In the third grade, my teacher found what she thought was an abandoned baby bird on the school grounds. She asked if someone in the class would care for it, and days later, the European Starling I named Bluego (for a reason I wish I remembered) was living in a cardboard box in my bedroom, padded with fake spider web left over from Halloween. As a child, I was thrilled to be on my way toward becoming a wildlife rescuer, but years later I wondered if it was the right thing to do.
As I’ve learned, it probably wasn’t. Like the vast majority of baby birds that people encounter, Bluego was a weeks-old fledgling—not a newly born nestling. And this distinction is critical, wildlife rehabbers say, because most fledglings don’t need to be rescued. “Eighty percent of baby birds that come in have basically just been kidnapped,” says Melanie Furr, education director at the Atlanta Audubon Society and a licensed volunteer at Atlanta Wild Animal Rescue Effort. “They need to be taken back.”
Wandering from the nest is exactly what fledglings—which are just learning to fly—are supposed to do, she says. It's a normal part of a bird's development, and though these chicks might appear abandoned, they’re likely under surveillance by their parents nearby. Of course, there is a chance that they could be injured, sick, or in danger, so there are some cases where a fledgling might require assistance.
Nestlings, on the other hand, are almost always in need of rescue. Whether they fell or got pushed from their nest, they’re "not ready to go off into the world," says Rita McMahon, Co-Founder and Director of the Wild Bird Fund, a nonprofit animal rehab center in New York. How to help them, though, can vary.
To know when you should intervene—and how you can help if needed—ask yourself the questions below.
Is the bird a nestling or fledgling?
When you come across a rogue baby, first determine its age, McMahon says. And there’s one obvious sign: feathers. While fledglings are larger and covered almost completely in down and feathers, nestlings are small and typically naked—or with just a few fluffs. In other words, one looks like an awkward young bird, and the other kind of looks like a pink little alien. You can also distinguish age by movement: fledglings can hop, whereas nestlings might simply drag themselves on the ground by their bare wings.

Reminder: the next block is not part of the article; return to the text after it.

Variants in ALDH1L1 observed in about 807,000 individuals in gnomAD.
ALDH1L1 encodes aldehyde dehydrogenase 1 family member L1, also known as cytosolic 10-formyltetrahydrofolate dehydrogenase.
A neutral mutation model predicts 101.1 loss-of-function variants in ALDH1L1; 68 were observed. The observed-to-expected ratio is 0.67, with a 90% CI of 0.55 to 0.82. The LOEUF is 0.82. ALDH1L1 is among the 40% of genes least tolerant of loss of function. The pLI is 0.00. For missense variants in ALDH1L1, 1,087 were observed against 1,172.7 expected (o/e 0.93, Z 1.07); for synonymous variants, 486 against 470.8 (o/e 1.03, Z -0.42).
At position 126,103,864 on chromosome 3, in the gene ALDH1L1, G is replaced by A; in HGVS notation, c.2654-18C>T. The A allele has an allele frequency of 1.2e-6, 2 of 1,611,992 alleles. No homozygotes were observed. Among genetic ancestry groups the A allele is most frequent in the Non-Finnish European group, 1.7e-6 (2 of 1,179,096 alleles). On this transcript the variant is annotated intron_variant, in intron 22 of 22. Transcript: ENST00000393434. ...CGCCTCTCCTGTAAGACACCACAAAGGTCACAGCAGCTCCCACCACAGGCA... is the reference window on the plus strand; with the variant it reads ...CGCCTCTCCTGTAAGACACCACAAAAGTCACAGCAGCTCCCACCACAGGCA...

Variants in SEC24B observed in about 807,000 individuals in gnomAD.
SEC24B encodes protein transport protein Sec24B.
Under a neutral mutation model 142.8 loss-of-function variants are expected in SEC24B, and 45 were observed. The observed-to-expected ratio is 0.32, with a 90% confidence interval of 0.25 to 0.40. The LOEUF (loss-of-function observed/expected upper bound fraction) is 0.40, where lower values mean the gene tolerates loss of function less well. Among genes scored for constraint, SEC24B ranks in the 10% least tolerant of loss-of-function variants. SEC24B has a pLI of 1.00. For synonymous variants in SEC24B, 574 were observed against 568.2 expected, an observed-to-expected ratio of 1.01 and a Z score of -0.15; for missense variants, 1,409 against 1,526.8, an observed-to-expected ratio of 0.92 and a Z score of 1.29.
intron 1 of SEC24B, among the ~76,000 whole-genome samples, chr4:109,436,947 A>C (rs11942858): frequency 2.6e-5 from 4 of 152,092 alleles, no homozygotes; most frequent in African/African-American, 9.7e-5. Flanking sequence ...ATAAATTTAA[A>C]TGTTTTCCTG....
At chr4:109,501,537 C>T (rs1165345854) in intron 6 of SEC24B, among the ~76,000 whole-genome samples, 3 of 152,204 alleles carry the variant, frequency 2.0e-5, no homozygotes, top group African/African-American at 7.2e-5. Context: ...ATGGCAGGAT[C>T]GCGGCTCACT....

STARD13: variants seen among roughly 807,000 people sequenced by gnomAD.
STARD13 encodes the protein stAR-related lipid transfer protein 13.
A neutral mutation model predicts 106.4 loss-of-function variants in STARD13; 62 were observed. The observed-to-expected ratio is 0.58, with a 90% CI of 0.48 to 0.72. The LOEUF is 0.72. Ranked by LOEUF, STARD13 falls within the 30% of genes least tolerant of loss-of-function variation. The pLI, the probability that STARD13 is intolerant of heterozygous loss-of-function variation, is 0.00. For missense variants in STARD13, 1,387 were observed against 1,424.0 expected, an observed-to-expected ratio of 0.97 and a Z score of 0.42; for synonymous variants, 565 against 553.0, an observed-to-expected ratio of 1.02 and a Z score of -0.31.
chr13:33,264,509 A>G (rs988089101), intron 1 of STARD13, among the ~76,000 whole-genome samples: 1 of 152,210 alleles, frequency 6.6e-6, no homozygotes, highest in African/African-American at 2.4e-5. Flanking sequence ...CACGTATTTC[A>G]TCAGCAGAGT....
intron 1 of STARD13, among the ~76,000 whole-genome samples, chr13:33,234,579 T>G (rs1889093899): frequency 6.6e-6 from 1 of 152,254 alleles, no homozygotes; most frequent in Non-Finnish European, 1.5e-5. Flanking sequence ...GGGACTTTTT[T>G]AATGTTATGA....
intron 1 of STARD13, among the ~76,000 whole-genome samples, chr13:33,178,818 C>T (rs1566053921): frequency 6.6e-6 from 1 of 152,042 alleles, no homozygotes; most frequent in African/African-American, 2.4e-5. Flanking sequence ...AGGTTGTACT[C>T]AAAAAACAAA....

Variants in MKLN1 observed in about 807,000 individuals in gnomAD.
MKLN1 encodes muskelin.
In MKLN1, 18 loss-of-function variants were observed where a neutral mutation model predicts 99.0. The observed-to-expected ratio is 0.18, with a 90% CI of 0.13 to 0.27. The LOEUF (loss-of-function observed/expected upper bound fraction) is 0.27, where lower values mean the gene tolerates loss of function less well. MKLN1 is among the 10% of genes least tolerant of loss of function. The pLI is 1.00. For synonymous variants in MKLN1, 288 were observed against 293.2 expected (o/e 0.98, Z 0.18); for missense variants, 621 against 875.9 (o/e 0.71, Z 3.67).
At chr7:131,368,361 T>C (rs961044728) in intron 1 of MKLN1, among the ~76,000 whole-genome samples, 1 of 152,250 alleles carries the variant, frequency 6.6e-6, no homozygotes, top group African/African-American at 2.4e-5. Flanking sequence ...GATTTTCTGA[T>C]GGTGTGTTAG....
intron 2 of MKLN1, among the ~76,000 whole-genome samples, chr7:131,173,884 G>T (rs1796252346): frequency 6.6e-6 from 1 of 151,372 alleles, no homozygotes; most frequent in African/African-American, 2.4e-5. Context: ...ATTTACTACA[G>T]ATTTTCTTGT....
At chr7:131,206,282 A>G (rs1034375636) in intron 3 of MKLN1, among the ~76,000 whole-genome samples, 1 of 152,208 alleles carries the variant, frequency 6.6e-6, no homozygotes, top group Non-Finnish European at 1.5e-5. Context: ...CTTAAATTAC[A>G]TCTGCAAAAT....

If you’ve found a healthy fledgling: “Walk away from the bird,” McMahon says. Rescuing healthy fledglings is not only unnecessary, but it can be detrimental to their development. When raised by hand, she says, babies might confuse humans as their parents (not unlike the geese in the movie Fly Away Home). If that happens, “they don’t know how to be a bird,” McMahon says.
If you’ve found a nestling: Help. First, look for the baby’s nest in the nearby bushes or trees; if you find it, simply put the chick back and the parents will resume care. And don’t worry about touching the bird: The idea that once you’ve touched a baby bird it will be rejected is not true, says Susan Elbin, director of conservation and science at New York City Audubon. “Birds have a sense of smell, but it’s not very well developed,” Elbin says. “They’re not going to abandon their chick.”
If the nest is nowhere to be found or simply out of reach, just craft one yourself, Furr says. Find a small container, like a strawberry basket, and load it with a scrap of T-shirt or some straw—anything dry will do. Gently place the youngling inside, and affix the artificial nest in a tree close to where the bird was found. “You want to get it as high up as possible,” Furr says.
Once you've returned the bird to a nest—whether real or homemade—keep an eye out for the parents. If they don’t return within an hour, call a wildlife rehabilitation center.
Is the bird sick, wounded, or at risk?
Whether you come across a fledgling or nestling, it's important to assess whether the bird needs medical help or is in danger.
Often, it’s clear when the bird is in need of urgent care—if the cat dragged it in, that’s a sure sign. Other times the signals are more subtle: Though it’s a fledgling, it can’t stand or hop normally. The feathers might be wet though it’s not raining, indicating discharge or an illness that inhibits the production of preening oils. Or maybe it’s surrounded by flies, which might signal an open wound.
During hot summer months, dehydration is also common, McMahon says. “Their belly is like a prune, wrinkled, shriveled and suck in,” she says.
If you think you’ve found a sick or wounded fledgling or nestling, call a rehabber, state wildlife agency, or veterinarian immediately. If it’s after hours, take the baby to a safe and warm location, Furr says, such as a closed box with air holes and a heating pad beneath it. And even if your parental instincts kick in, don’t feed the baby, she says.
“People have good intentions and think the baby bird is going to starve,” Furr says. “But a lot of times it ends up doing more harm than good.”
At Atlanta Wild Animal Rescue Effort, she’s seen babies with food in their lungs from improper feeding. But if the chick is just kept in a dark place, its metabolism will slow down, she says, leaving plenty of time for professional rehabbers to swoop in for a rescue.
You might also come across a fledgling or nestling that’s not injured, but at risk—such as from a prowling cat or human feet. Here’s an easy fix: “Put it in a bush,” Elbin says. In other words, hide the chick or put it in a place that’s out of reach or out of the way.
And after all this, if you’re still not sure if the bird needs help or what to do, before doing anything, call your local wildlife rehabilitation center. Helping animals—and preventing fledgling kidnappings—is what they do.
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